Wednesday, April 18, 2012


Divers Used Floatation Balloons to Raise Column Drums from the Sunken Ship

Hello My Friend and Welcome. 

Among other things, today we’re going to talk about obelisks…those stone pillars with a square base and a pointed top that the Egyptian Pharaohs loved so much. Think of the Washington Monument. In truth, the Washington Monument is not truly an obelisk, but an obelisk-shaped building. The difference being that the obelisks the Egyptians made were carved from a single piece of stone, whereas anyone who’s ever visited Washington, DC knows you can go up inside the Washington Monument.   

But, we’re getting off track. This post was prompted by a story about the recovery of a 1st Century BC Roman Stone Carrier discovered in waters off southeastern Turkey. The glorious monuments of Egypt, Greece and Rome are clearly architectural masterpieces, but they are also great feats of engineering and logistics.  

The particular ship they found was carrying a column when it sank. It cargo consisted of eight marble column drums, each about five feet across, and a capital. Stacked one atop the other, the drums would have formed a 30-foot-high Doric column.

Ruins of the Temple of Apollo...Note Column Drums
The ship foundered off Kızılburun (Crimson Cape), 40 miles from the Temple of Apollo at Claros, famous for an oracle similar to the one at Delphi. Based on detailed measurements and stylistic analysis, experts are certain the column was intended for Claros. Interestingly, the eight drums in the cargo, which weighed a total of about 50 tons, aren't enough for a single column at Claros. Those were composed of 11 or 12 drums. A ship like the one they found would have had to make 20 trips to supply enough marble for the 14 known columns at Claros. The drums were recovered using balloons to lift them from the sea floor. Marble headstones and basins were also found in the ship’s hull. They too, were probably bound for Claros.  

But the ship found off Turkey would have been dwarfed by the barge used to transport an obelisk from Egypt to Rome around 38 AD. The huge stone-carrier Caligula had built to transport the obelisk from Alexandria to Ostia was eventually sunk. Pliny the Elder described the sinking of this massive 800 ton ship. It formed the foundation for the lighthouse at the new and larger artificial harbor, Portus Cladius. Constructed north of Ostia between 42 and 62 AD, it was designed to handle the larger cargo ships that could not dock at Ostia, Rome’s original port.
Remains of the barge, 340 feet long and 66 feet wide, were discovered during the construction of Rome's Leonardo da Vinci International Airport in Fiumicino, Italy. At one time Fiumicino was a Roman port north of Ostia at the mouth of the Tiber River. 

Quarries in the Aswan region furnished the stone for most Egyptian monument, obelisks included. One source says the obelisk was quarried at Aswan during the reign of Amenemhet II in the 19th Century BC and erected at the Temple of the Sun in Heliopolis. Others think Octavian, known to us as the Emperor Augustus in Luke’s gospel, installed the obelisk in the Julian Forum in Alexandria. The obelisk is unusual because it lacks hieroglyphics. No one can say why. Perhaps an Egyptian Pharaoh suddenly died before it was completed, or it has none because a Roman Emperor ordered its construction.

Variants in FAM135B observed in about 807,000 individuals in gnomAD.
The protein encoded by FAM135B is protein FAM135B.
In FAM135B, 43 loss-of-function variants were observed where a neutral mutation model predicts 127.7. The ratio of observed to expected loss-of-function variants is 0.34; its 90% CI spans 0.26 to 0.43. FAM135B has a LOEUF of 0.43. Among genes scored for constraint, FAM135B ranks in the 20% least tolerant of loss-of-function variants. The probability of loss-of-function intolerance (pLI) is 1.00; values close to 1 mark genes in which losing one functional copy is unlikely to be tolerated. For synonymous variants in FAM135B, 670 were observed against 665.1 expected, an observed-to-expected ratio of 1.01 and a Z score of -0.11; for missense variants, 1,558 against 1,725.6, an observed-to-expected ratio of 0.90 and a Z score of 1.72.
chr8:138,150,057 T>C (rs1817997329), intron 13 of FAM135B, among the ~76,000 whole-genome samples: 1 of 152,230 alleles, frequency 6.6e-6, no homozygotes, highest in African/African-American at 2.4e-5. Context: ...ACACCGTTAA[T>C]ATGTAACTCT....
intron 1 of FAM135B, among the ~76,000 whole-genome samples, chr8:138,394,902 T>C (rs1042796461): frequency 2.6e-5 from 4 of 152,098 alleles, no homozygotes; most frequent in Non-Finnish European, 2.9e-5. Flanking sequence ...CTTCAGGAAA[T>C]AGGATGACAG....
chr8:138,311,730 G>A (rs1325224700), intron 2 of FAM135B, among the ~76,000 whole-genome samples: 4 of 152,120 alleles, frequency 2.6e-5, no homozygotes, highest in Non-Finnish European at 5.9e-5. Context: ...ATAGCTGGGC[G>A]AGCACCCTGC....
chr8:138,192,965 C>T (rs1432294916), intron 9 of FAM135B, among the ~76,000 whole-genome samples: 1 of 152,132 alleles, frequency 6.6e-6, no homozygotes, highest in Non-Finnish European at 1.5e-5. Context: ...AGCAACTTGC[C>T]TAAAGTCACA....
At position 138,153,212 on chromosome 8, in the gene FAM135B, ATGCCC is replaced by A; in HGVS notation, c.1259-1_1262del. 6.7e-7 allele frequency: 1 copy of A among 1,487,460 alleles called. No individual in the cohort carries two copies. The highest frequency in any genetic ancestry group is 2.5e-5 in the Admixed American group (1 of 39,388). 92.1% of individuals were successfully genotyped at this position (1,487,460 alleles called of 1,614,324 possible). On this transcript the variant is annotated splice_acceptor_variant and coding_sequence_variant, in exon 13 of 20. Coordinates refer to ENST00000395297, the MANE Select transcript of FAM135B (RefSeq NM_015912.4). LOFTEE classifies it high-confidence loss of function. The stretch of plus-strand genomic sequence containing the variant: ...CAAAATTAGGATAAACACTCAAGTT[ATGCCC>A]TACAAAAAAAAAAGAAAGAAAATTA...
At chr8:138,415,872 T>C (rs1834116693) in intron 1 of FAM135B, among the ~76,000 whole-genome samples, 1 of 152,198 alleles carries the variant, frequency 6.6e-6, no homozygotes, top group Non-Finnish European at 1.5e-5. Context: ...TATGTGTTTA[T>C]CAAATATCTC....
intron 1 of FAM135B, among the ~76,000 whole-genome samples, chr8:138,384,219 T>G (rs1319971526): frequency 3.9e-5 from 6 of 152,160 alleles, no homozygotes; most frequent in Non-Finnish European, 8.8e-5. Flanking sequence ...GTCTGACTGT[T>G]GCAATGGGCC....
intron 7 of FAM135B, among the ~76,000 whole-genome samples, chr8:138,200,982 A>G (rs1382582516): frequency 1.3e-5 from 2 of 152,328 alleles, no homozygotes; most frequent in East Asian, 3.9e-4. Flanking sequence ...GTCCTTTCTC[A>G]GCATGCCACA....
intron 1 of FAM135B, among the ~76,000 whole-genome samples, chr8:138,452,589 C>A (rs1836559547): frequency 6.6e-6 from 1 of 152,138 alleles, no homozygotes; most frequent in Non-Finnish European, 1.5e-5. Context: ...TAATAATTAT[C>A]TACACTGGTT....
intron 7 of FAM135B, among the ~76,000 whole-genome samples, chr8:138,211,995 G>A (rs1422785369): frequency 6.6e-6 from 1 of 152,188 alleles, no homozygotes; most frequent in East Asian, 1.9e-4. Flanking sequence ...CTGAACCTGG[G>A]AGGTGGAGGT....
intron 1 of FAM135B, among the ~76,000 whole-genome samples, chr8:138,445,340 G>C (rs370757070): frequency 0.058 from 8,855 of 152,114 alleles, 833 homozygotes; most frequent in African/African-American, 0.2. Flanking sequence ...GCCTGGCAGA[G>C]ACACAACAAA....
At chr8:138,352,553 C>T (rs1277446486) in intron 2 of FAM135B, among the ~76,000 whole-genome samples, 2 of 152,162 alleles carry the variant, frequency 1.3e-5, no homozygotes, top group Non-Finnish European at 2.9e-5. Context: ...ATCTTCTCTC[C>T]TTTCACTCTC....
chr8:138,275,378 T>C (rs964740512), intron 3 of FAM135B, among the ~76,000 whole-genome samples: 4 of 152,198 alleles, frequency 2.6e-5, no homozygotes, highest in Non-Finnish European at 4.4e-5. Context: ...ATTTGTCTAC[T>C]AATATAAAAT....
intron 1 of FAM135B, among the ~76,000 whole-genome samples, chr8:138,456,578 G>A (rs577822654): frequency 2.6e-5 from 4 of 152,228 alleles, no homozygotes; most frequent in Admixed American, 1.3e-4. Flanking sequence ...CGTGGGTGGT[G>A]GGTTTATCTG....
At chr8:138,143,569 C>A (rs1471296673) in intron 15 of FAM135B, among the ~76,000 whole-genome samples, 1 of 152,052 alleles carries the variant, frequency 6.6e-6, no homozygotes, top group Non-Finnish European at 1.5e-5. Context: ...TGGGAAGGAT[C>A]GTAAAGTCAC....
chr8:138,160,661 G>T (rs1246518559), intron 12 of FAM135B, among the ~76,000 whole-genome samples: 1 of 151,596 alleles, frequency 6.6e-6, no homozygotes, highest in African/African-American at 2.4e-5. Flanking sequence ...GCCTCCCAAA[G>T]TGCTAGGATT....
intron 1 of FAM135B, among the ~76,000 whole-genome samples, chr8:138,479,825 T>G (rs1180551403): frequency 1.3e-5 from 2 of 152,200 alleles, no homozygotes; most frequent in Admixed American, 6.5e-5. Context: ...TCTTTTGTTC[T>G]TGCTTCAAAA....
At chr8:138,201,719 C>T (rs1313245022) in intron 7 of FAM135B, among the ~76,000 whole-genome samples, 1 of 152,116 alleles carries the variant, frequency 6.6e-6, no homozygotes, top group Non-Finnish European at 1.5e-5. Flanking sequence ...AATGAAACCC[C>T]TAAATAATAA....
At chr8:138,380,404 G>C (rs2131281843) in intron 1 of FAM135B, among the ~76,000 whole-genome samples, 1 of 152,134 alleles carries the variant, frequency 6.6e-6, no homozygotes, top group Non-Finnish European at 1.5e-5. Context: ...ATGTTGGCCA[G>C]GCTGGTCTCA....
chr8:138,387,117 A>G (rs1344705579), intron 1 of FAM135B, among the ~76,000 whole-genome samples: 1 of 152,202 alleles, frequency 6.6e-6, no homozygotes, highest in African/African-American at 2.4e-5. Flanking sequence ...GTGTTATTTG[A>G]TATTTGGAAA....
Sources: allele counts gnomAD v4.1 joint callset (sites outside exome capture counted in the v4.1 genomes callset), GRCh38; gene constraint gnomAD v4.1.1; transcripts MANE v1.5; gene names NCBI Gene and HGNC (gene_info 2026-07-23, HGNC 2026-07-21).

Either way, Caligula transported it to Rome and erected it in the new Caligula Circus. He didn’t live long enough to see the projection completed.  It was completed under Nero’s Reign and called Nero’s Circus. It was the sight of Peter’s crucifixion. Later renamed the Vatican Circus, it became the site of St. Peter's Cathedral erected by Constantine the Great over the great saint’s grave.

The Obelisk at the Center of St. Peter's Square
Pope Sixtus V had the obelisk moved to the center of the colonnaded square in 1586 during the construction of the new, or current, St. Peter’s Basilica. It remains there today. All of the obelisks in Rome were toppled in the Middle Ages except for this one. Innumerable Christians, including St. Peter, died in the Vatican Circus. Consequently, it was left standing as the last mute witness to the martyrdom of St. Peter.

Plans Run Amok - The Cracked Obelisk
One final point before we leave obelisks. The photo above shows the Aswan Obelisk. This unfinished piece was carved from the rock, but never completely detached because it cracked. This is always a risk when quarrying. As layers are removed, the pressures on the freshly exposed rock change, causing different parts to expand at different rates. Sometimes the rock cracks, rendering it useless.  

On close examination, one can still see pits made by the hammer stones used to shape it. Wet sand and sandstone would eventually have been used to burnish the surface. This obelisk, if it had been successfully detached would have weighed more than a thousand tons, three to six times as much as they typically did. Perhaps that is why it cracked. What it was intended for is not known. 

Next time we’ll have our monthly contribution to the Christian Writer’s Blog Chain. The following Tuesday, we visit the real King Solomon’s Mines. 

Until then, we wish you Peace and Blessings. 

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